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CDC awards $1 million to address immunization inequities and disparities through community pharmacies

Salisa Westrick stands in her office

December 7, 2023

AUBURN, Alabama – Working to address health inequities and disparities, a Harrison College of Pharmacy faculty member is collaborating with the National Community Pharmacists Association to provide training and materials related to immunizations to community pharmacies around the country. To support her efforts, Dr. Salisa Westrick was recently awarded with a $1 million grant from the Centers for Disease Control and Prevention, or CDC.

For her project titled “Addressing Health Inequities and Disparities by Improving Immunization Practice Standards in Independent Community Pharmacies,” Westrick is leading a team that will identify and develop new tools and resources for independent community pharmacists with a goal of promoting immunization services and improving pharmacists’ knowledge of them. To further address inequities and health disparities, the team will also work closely with pharmacies in socially-vulnerable communities.

“Community pharmacists are in a great position to help improve immunization rates and close disparities,” said Westrick, Sterling Professor and department head in the Department of Health Outcomes Research and Policy. “Community pharmacists are highly accessible to Americans in the U.S., with 93 percent of the population living within five miles of a community pharmacy. These independent pharmacies are essential to decreasing the rural and urban disparities in immunization rates as more than 75 percent of all pharmacies located in rural areas are independent pharmacies.”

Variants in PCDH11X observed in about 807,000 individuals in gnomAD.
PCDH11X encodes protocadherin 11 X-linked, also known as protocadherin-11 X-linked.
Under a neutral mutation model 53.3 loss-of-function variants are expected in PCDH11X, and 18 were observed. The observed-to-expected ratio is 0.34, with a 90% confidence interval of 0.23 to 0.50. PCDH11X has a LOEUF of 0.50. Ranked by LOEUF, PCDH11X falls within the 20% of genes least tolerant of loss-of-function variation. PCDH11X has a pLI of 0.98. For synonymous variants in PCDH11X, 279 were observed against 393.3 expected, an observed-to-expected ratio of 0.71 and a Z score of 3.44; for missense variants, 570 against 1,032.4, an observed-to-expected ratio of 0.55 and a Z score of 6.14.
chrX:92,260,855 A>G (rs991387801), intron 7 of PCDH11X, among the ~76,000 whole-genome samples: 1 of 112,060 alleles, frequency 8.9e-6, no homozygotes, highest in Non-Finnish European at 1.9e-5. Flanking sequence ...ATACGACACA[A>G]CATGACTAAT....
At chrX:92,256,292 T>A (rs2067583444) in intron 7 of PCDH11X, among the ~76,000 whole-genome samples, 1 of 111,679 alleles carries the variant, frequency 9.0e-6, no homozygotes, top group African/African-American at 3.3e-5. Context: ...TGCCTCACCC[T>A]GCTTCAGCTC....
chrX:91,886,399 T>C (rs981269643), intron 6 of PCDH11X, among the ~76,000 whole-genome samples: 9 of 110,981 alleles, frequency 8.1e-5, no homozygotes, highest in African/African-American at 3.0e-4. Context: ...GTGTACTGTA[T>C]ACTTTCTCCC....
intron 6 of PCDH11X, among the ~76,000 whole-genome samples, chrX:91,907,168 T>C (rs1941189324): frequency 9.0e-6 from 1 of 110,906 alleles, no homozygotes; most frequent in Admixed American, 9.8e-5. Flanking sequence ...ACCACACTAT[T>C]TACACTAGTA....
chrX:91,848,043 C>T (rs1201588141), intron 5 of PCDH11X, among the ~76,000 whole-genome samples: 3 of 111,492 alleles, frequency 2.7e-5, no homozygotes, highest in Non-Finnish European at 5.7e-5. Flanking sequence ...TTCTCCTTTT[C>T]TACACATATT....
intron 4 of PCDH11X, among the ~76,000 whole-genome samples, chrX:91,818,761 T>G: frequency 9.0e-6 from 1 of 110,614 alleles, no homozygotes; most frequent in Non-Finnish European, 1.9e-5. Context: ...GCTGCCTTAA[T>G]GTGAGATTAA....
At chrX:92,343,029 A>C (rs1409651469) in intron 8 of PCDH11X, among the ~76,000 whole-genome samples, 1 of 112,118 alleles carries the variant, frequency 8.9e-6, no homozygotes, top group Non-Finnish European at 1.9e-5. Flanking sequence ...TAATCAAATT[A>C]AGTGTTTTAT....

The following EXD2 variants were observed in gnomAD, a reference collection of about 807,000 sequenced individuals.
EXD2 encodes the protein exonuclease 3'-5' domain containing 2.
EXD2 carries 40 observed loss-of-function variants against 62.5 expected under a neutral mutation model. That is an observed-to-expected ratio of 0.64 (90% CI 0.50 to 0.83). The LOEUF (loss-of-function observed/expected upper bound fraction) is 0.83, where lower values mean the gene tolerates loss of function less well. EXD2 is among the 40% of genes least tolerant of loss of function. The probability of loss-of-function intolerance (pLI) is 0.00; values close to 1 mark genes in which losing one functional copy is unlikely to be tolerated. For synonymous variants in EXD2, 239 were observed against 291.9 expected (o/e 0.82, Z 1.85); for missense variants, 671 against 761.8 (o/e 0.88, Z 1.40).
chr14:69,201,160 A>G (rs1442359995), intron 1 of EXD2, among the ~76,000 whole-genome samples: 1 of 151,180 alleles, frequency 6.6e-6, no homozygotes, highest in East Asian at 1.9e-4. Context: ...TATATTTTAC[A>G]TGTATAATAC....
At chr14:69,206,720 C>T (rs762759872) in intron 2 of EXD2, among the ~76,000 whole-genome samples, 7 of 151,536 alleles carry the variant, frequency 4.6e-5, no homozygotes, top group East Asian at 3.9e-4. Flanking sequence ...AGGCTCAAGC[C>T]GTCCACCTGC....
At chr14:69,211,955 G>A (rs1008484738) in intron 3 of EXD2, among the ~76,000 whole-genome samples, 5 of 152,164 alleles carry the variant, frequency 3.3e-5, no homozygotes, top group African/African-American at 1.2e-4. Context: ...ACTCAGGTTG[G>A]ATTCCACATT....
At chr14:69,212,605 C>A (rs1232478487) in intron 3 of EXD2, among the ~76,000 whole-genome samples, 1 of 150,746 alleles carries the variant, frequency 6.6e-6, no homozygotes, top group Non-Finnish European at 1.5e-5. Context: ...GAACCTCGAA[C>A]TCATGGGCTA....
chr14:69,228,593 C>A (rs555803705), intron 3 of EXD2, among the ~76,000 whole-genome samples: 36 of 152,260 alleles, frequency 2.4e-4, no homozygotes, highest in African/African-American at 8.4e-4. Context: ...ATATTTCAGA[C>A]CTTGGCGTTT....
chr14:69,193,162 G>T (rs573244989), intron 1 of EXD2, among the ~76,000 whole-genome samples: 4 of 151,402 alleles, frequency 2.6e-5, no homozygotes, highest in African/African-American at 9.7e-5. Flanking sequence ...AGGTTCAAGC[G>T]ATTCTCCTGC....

Because of their accessibility to a large part of the population, these independent community pharmacies are ideal locations to many of those who are underserved. Further training of pharmacists in immunizations can help expand the service and make them readily available in some areas that may otherwise undergo without the service.

“Rural areas notwithstanding, community pharmacies are additionally well-positioned to provide immunization services to the medically underserved and other difficult-to-reach populations,” said Westrick. “The accessibility of community pharmacies and independent pharmacies alike provide strong reason to utilize their positioning as immunization service providers to reduce disparities in vaccination rates throughout the communities that they serve, as well as underserved populations they have access to.”

The project began this fall and will run through 2028. Included on Westrick’s team are John Beckner and Dr. Hannah Fish from the National Community Pharmacists Association, or NCPA. Beckner is the senior director of strategic initiatives for the association while Fish is its director of strategic initiatives. Both will assist with project management. Also on the team is Dr. David Ha, the manager of infectious diseases and antimicrobial stewardship at Stanford Health Care and a faculty member in the Division of Infectious Diseases and Geographic Medicine at Stanford University School of Medicine. He will provide expertise related to the development of the proposed education program.